Tuesday night proved to be a night of historic upsets against state Senators who have long held onto their seats. Much of the action was on the Democratic side, though it appears two Republican incumbents also lost their primaries. State Sen. John Arthur Smith, after 32 years in the state Senate and the most powerful legislator as chair of the Senate Finance Committee, is extremely likely to lose to grassroots challenger Neomi Martinez-Parra. Smith represents SD 35. He more than doubled Martinez-Parra in donations.
District Senate 38 Democratic candidate Carrie Hamblen got a boost last week in her bid to defeat incumbent state senate candidate and President Pro Tem Mary Kay Papen. That’s because the race narrowed to two candidates – Papen and Hamblen – last week when healthcare professional and entrepreneur Tracy Perry dropped out, citing health reasons. Hamblen, who was the morning radio host for National Public Radio local member station KRWG for 20 years, would have likely split the more left leaning Democratic voters in District 38 with Perry. But Hamblen said the race is now, “more of a challenge for Senator Papen.”
Perry’s name will remain on the ballot. Hamblen is one of seven progressive Democrats running for state senate seats in the upcoming June 2 primary against a group of more conservative-leaning Democrats.
If you started the clock at midnight Monday and counted down to the end of this year’s legislative session at noon Thursday, you’d come up with 84 hours. That’s how long legislators in the state Senate have to make adjustments to the state budget. “Putting out fires. That’s what it looks like,” said Senate Finance Committee Chairman Sen. John Arthur Smith of what promises to be a frenetic three and a half days. Entering the final moments of the 30-day legislative session, the state budget encompassed in House Bill 2 remains in limbo.
The New Mexico Senate on Wednesday approved a $76 million investment in the state Public Employees Retirement Association in a move to get the pension system on a path to solvency. Senate Bill 72, sponsored by Sen. George Muñoz, D-Gallup, also comes with costs for government employers and public workers — who will pay more into the retirement system — and retirees, many of whom will receive smaller cost-of-living increases in their payouts. The state has no choice, Muñoz told fellow senators, because of the $16 billion PERA fund’s unfunded liabilities of about $6.6 billion. “We are avoiding the cliff if we do this,” he said. “At the end of the day, this fund has to be solvent.”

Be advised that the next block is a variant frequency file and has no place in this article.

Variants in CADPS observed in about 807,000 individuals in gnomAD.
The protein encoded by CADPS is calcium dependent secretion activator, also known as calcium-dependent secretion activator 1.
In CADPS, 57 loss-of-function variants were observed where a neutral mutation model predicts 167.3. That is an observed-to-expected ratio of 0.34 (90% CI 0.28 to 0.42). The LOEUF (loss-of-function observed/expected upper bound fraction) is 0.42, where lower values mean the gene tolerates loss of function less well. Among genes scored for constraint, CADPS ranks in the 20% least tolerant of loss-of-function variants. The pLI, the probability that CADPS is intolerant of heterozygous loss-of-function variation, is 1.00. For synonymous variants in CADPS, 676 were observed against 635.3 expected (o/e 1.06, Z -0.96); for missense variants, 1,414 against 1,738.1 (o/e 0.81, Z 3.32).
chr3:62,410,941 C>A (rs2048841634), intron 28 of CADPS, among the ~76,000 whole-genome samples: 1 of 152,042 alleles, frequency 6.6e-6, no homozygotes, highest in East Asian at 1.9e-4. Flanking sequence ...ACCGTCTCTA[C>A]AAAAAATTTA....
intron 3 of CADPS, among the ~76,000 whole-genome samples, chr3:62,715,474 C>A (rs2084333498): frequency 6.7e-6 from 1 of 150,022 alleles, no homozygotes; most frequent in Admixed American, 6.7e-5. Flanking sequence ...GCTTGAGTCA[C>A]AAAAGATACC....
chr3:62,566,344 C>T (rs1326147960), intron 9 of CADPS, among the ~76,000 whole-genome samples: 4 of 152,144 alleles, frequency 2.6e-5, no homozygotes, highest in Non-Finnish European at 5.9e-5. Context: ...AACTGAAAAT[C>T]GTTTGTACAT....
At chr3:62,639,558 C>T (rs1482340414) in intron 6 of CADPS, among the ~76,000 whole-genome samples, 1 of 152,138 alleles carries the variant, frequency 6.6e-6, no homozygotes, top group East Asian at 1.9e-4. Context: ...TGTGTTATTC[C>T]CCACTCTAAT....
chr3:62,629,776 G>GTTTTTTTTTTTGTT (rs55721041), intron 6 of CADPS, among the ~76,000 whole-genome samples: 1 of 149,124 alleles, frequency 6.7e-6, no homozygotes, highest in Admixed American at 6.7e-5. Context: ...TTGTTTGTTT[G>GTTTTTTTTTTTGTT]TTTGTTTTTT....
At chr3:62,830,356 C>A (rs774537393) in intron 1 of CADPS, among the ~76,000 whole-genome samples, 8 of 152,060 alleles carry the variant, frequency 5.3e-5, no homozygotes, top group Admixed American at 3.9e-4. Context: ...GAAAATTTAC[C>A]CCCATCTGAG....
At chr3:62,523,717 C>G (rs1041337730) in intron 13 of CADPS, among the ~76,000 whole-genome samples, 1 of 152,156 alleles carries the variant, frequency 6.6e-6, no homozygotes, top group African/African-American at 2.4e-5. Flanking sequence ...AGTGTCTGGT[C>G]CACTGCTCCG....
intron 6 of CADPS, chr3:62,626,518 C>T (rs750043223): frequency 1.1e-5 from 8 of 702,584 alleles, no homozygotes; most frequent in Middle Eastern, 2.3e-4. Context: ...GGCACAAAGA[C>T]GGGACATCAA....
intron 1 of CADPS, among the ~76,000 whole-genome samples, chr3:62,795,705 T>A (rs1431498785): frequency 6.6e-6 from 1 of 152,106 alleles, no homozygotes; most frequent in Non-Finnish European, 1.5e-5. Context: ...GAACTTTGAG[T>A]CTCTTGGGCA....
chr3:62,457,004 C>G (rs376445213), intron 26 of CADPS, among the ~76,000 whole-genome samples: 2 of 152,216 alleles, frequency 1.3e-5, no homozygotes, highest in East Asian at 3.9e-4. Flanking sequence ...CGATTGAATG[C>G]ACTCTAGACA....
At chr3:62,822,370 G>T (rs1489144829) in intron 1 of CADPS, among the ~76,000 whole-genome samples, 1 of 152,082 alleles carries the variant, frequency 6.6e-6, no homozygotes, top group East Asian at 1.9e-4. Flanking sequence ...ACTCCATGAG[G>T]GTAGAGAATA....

The New Mexico Senate approved high-profile gun legislation in a narrow vote Friday, likely clearing the way for the bill to become law. The chamber voted 22-20 to pass an amended version of Senate Bill 5, also known as the Extreme Risk Protection Order Act. Under the legislation, law enforcement officers would be able to petition for a court order to take away a person’s firearms for 10 days — an order that could be extended to one year — if they are found to pose a threat to themselves or others. The measure now moves to the House, where it is expected to pass and make New Mexico the 18th state in the nation, plus the District of Columbia, to have a similar so called red flag law on the books. A comparable bill passed the House in last year’s session but didn’t make it to the Senate floor.